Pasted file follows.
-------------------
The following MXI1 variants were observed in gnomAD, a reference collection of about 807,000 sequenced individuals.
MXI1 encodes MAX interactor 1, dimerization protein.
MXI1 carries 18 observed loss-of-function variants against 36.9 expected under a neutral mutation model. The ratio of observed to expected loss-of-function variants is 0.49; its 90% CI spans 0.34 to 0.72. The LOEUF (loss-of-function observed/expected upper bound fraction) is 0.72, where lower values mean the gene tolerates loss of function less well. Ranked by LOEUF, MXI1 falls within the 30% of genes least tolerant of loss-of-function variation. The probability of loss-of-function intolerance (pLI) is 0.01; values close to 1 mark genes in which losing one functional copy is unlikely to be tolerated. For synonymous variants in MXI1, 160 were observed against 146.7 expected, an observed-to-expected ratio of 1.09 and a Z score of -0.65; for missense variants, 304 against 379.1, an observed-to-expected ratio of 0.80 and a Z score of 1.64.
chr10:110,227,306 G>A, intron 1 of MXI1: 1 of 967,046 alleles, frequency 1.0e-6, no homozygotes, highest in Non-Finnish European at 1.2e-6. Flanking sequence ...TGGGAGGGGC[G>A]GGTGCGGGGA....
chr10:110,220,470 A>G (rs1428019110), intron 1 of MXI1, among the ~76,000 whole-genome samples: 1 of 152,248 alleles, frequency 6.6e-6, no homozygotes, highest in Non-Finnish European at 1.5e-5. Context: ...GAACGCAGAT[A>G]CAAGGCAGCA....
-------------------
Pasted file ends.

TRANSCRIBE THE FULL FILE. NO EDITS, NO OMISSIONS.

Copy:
The following MXI1 variants were observed in gnomAD, a reference collection of about 807,000 sequenced individuals.
MXI1 encodes MAX interactor 1, dimerization protein.
MXI1 carries 18 observed loss-of-function variants against 36.9 expected under a neutral mutation model. The ratio of observed to expected loss-of-function variants is 0.49; its 90% CI spans 0.34 to 0.72. The LOEUF (loss-of-function observed/expected upper bound fraction) is 0.72, where lower values mean the gene tolerates loss of function less well. Ranked by LOEUF, MXI1 falls within the 30% of genes least tolerant of loss-of-function variation. The probability of loss-of-function intolerance (pLI) is 0.01; values close to 1 mark genes in which losing one functional copy is unlikely to be tolerated. For synonymous variants in MXI1, 160 were observed against 146.7 expected, an observed-to-expected ratio of 1.09 and a Z score of -0.65; for missense variants, 304 against 379.1, an observed-to-expected ratio of 0.80 and a Z score of 1.64.
chr10:110,227,306 G>A, intron 1 of MXI1: 1 of 967,046 alleles, frequency 1.0e-6, no homozygotes, highest in Non-Finnish European at 1.2e-6. Flanking sequence ...TGGGAGGGGC[G>A]GGTGCGGGGA....
chr10:110,220,470 A>G (rs1428019110), intron 1 of MXI1, among the ~76,000 whole-genome samples: 1 of 152,248 alleles, frequency 6.6e-6, no homozygotes, highest in Non-Finnish European at 1.5e-5. Context: ...GAACGCAGAT[A>G]CAAGGCAGCA....